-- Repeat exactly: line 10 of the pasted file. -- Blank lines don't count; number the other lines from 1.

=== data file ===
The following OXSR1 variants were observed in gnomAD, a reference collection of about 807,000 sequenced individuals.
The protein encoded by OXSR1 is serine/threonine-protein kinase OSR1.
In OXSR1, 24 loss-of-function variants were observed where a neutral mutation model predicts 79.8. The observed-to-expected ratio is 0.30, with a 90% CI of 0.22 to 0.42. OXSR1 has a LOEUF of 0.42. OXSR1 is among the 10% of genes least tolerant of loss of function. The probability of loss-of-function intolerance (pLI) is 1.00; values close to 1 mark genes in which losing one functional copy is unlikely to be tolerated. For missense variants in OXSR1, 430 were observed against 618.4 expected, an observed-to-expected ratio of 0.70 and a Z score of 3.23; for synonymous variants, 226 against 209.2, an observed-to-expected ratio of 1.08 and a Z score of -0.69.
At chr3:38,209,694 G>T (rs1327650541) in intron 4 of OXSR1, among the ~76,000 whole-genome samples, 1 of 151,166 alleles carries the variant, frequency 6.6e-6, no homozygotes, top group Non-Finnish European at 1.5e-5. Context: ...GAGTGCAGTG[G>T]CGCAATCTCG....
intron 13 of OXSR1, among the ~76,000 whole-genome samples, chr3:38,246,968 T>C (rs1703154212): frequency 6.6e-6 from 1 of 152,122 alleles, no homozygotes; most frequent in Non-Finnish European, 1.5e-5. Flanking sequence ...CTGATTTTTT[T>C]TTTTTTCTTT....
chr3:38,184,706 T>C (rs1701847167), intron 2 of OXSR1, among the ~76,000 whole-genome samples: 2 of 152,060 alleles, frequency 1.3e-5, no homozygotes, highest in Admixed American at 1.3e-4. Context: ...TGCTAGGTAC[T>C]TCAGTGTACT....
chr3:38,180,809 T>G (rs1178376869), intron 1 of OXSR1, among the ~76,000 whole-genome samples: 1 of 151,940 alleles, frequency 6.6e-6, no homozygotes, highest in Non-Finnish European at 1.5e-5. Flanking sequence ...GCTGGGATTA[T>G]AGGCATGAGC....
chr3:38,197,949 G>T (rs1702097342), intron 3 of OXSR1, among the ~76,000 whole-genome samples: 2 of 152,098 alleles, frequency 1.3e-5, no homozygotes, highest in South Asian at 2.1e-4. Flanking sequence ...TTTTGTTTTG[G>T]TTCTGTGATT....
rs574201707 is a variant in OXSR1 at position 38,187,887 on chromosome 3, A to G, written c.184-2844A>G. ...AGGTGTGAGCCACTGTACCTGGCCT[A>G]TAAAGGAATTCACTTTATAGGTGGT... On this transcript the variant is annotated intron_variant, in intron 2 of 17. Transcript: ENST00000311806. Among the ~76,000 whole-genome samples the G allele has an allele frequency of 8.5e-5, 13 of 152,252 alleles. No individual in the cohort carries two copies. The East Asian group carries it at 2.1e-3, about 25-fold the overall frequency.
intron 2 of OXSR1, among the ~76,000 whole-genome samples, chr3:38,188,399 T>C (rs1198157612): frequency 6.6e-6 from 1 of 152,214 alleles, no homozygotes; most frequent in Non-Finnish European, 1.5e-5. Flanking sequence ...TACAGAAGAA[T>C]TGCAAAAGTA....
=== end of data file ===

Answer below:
intron 2 of OXSR1, among the ~76,000 whole-genome samples, chr3:38,188,399 T>C (rs1198157612): frequency 6.6e-6 from 1 of 152,214 alleles, no homozygotes; most frequent in Non-Finnish European, 1.5e-5. Flanking sequence ...TACAGAAGAA[T>C]TGCAAAAGTA....